KANSAS CITY — The holidays bring a steady flow of fresh flavors and seasonal varieties to grocery store shelves, a trend the ready-to-eat cereal category will seek to capitalize on as it works to lift unit sales.
In the 52 weeks ended Oct. 30, dollar sales in the RTE cereal category totaled $9.3 billion, up 7.2% from the same period a year ago, according to IRI, a Chicago-based market research firm. Unit sales, meanwhile, fell 5% in the period. The category’s two largest manufacturers — General Mills, Inc. and Kellogg Co. — account for nearly 60% of sales, but both experienced a dip in unit sales during the period, with unit sales down 3.9% at General Mills and down 14% at Kellogg, according to IRI. And in the case of Kellogg, dollar sales fell 2.1%, which was in sharp contrast to year-over-year growth of 11% at General Mills, 10.6% at Post Holdings, Inc. and 14.1% at Quaker Oats Co., according to IRI.
In the case of Battle Creek, Mich.-based Kellogg, it has been a struggle to recover from a fire and labor strike in late 2021. The company has worked hard to rebuild inventory and recently has begun to recover share across its key brands, primarily through increased on-shelf availability and gradual resumption of commercial activities. The company also has prioritized stock-keeping units.
“The good news is that the category is showing robust growth right now, accelerating to the double digits in quarter three on the strength of increased prices and below-average elasticity,” Steven A. Cahillane, president and chief executive officer of Kellogg, said during a Nov. 3 conference call with analysts to discuss third-quarter results. “The even better news is that our consumption growth has accelerated even faster than the category.”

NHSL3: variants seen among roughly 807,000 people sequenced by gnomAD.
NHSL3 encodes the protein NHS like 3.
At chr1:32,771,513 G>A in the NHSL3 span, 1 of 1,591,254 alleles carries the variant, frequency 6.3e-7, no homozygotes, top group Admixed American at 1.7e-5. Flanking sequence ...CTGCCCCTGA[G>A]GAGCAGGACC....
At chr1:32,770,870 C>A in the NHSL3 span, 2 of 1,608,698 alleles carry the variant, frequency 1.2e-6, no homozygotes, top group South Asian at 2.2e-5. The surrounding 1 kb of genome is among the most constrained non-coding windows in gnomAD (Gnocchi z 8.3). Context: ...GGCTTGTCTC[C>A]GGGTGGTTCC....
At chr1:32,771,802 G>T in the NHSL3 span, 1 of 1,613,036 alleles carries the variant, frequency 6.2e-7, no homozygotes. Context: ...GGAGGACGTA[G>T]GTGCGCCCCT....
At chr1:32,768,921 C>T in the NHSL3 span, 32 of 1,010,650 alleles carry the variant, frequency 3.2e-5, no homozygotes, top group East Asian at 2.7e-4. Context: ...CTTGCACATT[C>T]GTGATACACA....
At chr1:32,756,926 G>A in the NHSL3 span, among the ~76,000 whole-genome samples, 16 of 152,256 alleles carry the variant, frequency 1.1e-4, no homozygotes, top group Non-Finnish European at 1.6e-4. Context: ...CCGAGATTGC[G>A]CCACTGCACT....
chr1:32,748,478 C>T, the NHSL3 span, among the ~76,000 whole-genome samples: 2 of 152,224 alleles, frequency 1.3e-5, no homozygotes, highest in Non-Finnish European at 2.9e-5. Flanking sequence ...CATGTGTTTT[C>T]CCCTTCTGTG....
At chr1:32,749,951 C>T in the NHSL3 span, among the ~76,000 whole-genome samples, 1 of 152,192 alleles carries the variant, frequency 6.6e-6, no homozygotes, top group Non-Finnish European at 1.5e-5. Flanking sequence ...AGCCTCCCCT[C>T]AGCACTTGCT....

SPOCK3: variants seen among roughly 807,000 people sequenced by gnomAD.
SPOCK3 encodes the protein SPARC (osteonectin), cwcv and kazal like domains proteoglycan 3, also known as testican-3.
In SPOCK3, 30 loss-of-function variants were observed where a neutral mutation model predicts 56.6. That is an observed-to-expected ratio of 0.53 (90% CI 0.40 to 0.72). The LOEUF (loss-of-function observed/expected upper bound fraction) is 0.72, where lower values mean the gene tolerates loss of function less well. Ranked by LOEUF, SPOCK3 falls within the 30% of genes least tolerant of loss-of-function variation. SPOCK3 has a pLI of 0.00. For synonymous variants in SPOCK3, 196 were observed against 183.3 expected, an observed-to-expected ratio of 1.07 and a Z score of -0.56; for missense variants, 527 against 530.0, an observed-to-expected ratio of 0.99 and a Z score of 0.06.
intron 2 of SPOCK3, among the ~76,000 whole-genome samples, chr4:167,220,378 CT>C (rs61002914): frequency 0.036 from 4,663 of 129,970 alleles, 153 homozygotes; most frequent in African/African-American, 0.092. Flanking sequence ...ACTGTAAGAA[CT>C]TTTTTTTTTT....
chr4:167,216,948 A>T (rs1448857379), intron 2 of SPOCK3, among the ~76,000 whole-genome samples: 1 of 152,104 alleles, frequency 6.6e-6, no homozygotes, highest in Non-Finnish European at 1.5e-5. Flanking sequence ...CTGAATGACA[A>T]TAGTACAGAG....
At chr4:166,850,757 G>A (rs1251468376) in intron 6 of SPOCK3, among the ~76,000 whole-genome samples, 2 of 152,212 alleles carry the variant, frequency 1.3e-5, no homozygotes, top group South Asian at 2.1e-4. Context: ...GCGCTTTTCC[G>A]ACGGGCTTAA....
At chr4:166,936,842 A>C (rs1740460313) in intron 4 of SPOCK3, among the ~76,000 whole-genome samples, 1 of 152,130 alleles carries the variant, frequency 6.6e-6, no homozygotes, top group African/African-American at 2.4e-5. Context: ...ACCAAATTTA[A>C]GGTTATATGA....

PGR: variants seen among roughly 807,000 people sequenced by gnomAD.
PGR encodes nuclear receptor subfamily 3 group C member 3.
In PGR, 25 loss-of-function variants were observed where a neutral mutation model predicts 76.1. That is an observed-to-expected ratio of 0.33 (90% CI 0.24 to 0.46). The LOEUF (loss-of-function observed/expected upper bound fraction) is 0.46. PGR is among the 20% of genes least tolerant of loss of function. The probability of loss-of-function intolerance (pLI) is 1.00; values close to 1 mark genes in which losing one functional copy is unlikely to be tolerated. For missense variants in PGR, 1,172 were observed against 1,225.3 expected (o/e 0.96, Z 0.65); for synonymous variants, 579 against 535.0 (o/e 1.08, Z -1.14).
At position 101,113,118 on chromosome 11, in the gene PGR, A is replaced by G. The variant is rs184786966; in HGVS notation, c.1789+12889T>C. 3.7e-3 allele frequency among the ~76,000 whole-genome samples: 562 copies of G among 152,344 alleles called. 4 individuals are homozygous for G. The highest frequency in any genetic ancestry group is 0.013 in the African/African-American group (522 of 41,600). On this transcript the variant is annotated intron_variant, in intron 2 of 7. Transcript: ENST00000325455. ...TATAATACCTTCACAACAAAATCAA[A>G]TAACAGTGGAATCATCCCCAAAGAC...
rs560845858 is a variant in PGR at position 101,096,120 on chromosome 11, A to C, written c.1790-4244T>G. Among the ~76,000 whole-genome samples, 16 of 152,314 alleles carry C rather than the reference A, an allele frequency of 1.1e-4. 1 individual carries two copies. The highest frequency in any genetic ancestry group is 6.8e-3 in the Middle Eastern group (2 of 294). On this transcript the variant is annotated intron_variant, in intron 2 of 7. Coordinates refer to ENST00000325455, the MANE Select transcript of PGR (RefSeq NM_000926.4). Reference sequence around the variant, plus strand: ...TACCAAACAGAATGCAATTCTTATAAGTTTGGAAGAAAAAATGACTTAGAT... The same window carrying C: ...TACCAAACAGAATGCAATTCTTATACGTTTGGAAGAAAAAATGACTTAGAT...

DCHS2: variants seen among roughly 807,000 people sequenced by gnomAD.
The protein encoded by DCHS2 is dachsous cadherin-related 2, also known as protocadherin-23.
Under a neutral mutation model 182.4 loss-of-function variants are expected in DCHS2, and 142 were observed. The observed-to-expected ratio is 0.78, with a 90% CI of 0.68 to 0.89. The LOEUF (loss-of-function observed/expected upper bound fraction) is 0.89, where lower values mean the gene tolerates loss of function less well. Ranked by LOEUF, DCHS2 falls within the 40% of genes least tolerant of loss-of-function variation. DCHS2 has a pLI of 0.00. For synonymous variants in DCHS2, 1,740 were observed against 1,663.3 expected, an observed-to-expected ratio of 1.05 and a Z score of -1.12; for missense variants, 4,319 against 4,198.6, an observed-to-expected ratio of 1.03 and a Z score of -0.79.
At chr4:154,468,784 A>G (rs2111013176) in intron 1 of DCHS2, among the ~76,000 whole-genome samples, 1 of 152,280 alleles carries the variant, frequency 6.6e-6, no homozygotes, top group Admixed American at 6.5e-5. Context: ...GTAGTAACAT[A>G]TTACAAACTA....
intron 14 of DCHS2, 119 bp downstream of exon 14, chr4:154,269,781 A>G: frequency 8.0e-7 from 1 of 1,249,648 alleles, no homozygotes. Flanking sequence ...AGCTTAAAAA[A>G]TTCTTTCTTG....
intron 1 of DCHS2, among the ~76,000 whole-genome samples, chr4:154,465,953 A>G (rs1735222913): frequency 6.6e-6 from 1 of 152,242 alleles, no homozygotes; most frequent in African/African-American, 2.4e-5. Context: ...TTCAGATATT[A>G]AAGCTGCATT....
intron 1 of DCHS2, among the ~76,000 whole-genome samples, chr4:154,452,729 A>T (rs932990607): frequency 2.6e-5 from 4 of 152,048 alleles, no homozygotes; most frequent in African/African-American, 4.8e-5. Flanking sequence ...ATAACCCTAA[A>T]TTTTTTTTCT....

Mr. Cahillane credited indulgent licensed foods like Cinnabon Bakery Inspired Cereal with helping key the recovery. Discontinued in 2018, Cinnabon Bakery Inspired Cereal returned to store shelves in October thanks to heavy demand from the cereal’s fanbase. Kellogg also debuted a line of portable Kellogg Instabowls, which are cereal bowls containing powdered milk that can be activated with the addition of cold water. The single-serve Instabowls are currently available in four Kellogg cereal flavors: Frosted Flakes, Froot Loops, Apple Jacks and Raisin Bran Crunch.
The holidays also mark the return of The Elf of the Shelf Hot Cocoa Cereal. The limited-edition offering features cocoa-coated star pieces intermingled with white mini marshmallows. Each 1.5-cup serving contains 140 calories and 14 grams of sugar.
“In short, we feel good about where we are in this business,” Mr. Cahillane said. “We’ve restored inventory levels. We’re back on shelf, and we are rapidly recovering share. In addition, we’ve turned back on our commercial programs. And equally importantly, we are making good early progress toward restoring profit margins in this business.”
At General Mills, the Minneapolis-based company is thinking small to go big. The company earlier this month debuted Minis — a new line of cereal that scales down three of the company’s classic cereals to be miniature. Trix, Reese’s Puffs and Cinnamon Toast Crunch are now available in small ball shapes relative to the standard puff cereal size. The Cinnamon Toast Crunch Minis feature the classic cinnamon sugar flavor of the original but in an all new round shape. The Trix and Reese’s Minis feature the classic cereals in smaller shapes.
“Sometimes the best new innovation is the smallest one,” said Mindy Murray, senior marketing communications manager at General Mills. “There’s such a love right now for full-size things that have been shrunk into mini versions, and we realized we could do the same with our cereals. We can’t wait for families to try the cutest new way to experience their favorites one BIG (little) bite at a time.”
General Mills also is offering a slew of new and returning seasonal cereals. Sugar Cookie Toast Crunch and Apple Pie Toast Crunch are returning to shelves as extensions of the Cinnamon Toast Crunch line, while Rudolph the Red-Nosed Reindeer Cereal is making its debut. The hot cocoa-flavored reindeer cereal includes marshmallows in the shapes of Rudolph’s red nose, blue elf hat, and green holiday trees.
Quaker Oats Co., a division of Purchase, NY-based PepsiCo, Inc., has brought back Christmas Crunch, which the company has sold some version of for the past 35 years. The return of the seasonal cereal should continue the momentum Quaker has seen with its Cap’n Crunch brand. In the 52 weeks ended Oct. 30, dollar sales of Cap’n Crunch Crunch Berries surged 22% over the previous year behind 3.9% growth in unit sales, according to IRI.